Stockholm Tattoo Culture

6 years ago by in Tattoo Culture
stockholm_tattoo

Sense 1972 from the time the first Stockholm’s tattoo studio was open in Aspudden by Ove Skog Alias known by the name Doc Forrest, the cultural reference books, professional journals, newspapers and magazines has recognized tattooing as a well-established art form that, over the last three decades, has undergone dramatic changes and have become a widespread craft and are a highly appreciated art form thanks to the high competence among tattoo artists.

The word tattoo is said to has two major derivations- from the Polynesian word ‘ta’ which means striking something and the Tahitian word ‘tatau’ which means ‘to mark something’, and is said that it come to Scandinavian around 1100 by the Vikings.

In the 1970s, artists trained in traditional fine art disciplines began to embrace tattooing and brought with them entirely new sorts of stylish imagery and technique. Advances in electric needle machines and pigments provided them with new ranges of color, delicacy of detail and aesthetic possibilities. The physical nature of many local tattooing establishments also changed as increasing numbers of operators adopted equipment and procedures resembling those of medical clinics.

The cultural status of tattooing has steadily evolved from that of an anti-social activity in the 1960s to that of a trendy fashion statement in the 1990s. First adopted and flaunted by influential rock stars like the Rolling Stones in the early 1970s, tattooing had, by the late 1980s, become accepted by ever broader segments of mainstream society. More recently with success of TV series such as Miami Ink and LA Ink, tattoos are routinely seen on rock stars, professional sports figures, ice skating champions, fashion models, movie stars and other public figures who play a significant role in setting the culture’s contemporary customs and behavior patterns.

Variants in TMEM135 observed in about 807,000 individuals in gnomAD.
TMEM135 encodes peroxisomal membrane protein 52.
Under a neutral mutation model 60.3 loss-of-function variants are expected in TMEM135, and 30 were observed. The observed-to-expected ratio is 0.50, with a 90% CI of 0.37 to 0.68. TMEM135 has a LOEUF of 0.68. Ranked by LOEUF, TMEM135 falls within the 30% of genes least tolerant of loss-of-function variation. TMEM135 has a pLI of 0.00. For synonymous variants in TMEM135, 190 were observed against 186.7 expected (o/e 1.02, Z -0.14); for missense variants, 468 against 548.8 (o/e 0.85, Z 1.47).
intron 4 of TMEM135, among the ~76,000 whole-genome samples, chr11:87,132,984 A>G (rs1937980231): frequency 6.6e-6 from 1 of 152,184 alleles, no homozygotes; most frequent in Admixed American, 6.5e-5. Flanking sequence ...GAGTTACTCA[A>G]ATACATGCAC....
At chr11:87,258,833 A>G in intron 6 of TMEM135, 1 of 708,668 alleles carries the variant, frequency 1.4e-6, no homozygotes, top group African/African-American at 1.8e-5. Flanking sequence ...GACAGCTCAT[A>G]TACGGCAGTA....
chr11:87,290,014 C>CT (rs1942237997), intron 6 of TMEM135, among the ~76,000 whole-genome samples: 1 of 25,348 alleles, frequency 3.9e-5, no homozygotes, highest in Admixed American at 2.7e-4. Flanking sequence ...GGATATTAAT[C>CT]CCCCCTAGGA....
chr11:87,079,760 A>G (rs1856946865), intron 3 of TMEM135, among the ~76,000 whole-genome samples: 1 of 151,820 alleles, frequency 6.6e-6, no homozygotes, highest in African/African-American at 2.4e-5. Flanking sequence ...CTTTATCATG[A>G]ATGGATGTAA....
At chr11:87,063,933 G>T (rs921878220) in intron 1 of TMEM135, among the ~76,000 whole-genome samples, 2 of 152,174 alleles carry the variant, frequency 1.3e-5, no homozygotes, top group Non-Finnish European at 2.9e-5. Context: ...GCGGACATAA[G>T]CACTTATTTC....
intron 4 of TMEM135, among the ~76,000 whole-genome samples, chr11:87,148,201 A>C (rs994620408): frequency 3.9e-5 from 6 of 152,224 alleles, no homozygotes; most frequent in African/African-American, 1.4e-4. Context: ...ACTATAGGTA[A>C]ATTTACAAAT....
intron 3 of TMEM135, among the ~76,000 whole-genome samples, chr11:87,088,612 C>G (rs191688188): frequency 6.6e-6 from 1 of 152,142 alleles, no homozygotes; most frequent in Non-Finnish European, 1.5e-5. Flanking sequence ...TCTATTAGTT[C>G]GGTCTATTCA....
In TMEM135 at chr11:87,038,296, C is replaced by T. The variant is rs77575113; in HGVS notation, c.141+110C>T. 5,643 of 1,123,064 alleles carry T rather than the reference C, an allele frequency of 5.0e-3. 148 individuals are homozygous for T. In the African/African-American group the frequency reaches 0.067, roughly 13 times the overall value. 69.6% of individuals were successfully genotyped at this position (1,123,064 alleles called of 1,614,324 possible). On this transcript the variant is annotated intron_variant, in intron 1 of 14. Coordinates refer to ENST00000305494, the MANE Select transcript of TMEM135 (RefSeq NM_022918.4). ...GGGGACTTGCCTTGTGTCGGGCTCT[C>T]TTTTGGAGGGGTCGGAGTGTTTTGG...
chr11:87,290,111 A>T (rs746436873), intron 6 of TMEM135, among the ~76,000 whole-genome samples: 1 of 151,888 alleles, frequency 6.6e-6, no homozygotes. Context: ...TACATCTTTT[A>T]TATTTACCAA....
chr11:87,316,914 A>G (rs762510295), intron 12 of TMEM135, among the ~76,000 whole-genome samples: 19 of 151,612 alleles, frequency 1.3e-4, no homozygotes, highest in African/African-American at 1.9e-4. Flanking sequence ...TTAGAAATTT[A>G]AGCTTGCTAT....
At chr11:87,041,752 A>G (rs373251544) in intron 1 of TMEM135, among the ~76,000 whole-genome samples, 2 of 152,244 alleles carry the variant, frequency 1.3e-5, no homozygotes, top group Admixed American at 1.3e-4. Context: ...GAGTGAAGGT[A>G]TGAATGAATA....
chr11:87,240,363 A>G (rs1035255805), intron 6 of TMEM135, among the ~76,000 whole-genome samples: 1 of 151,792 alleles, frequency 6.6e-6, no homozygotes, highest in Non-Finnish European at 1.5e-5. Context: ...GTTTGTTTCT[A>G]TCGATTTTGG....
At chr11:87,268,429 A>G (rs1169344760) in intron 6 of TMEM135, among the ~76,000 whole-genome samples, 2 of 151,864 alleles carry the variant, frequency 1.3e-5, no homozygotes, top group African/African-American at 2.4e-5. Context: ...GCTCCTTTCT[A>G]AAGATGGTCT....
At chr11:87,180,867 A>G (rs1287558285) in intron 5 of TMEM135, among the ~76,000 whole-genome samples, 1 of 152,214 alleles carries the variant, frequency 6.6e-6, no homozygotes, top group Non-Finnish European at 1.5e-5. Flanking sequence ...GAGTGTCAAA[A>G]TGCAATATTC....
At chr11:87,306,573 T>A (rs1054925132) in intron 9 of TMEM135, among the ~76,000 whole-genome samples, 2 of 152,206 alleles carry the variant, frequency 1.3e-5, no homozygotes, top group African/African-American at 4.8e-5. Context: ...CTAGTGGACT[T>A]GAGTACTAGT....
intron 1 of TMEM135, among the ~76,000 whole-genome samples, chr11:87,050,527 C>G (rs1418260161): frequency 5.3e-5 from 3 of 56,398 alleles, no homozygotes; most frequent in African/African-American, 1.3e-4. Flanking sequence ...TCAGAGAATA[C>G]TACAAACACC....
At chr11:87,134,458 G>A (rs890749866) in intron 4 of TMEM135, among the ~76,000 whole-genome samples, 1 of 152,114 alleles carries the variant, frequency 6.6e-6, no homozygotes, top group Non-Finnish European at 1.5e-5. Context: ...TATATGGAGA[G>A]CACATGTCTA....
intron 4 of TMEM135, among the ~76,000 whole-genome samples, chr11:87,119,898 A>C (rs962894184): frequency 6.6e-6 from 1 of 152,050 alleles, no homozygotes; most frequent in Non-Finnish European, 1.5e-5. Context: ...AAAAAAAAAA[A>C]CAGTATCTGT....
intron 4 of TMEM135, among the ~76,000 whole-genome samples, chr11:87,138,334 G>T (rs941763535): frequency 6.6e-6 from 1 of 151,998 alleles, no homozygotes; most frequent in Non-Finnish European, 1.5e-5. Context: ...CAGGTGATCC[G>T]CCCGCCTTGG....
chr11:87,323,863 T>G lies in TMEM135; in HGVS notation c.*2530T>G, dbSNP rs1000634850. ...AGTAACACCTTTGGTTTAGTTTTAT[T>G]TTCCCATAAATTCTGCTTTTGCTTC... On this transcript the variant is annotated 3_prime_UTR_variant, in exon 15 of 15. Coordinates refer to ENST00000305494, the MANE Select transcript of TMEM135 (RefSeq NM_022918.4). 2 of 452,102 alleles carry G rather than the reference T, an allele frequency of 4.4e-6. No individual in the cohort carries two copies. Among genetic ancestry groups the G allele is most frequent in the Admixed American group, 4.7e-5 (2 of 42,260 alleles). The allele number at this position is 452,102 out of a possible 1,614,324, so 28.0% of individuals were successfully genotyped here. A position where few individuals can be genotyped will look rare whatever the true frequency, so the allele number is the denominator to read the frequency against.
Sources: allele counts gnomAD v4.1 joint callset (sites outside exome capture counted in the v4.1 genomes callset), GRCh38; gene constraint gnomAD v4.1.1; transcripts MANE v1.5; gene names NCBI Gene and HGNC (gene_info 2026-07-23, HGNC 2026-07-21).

During the last 10 years, two distinct classes of tattoo business have emerged. The first is the “tattoo parlor” that glories in a sense of urban outlaw culture; advertises itself with garish exterior signage; offers “pictures-off-the-wall” assembly-line service; and often operates with less than optimum sanitary procedures.

The second is the “tattoo art studio” that most frequently features custom, fine art design; the ambiance of an upscale beauty salon; marketing campaigns aimed at middle- and upper middle-class professionals; and “by-appointment” services only. Today’s fine art tattoo studio draws the same kind of clientele as a custom jewelry store, fashion boutique, or high-end antique shop.

The market demographics for tattoo services are now skewed heavily toward mainstream customers. Tattooing today is one of the fastest-growing retail businesses in Scandinavian. The single fastest growing demographic group seeking tattoo services is, to the surprise of many, middle-class suburban women.

Tattooing is recognized by government agencies as both an art form and a profession and tattoo-related art work is the subject of museum, gallery, educational institution and art shows across Scandinavian.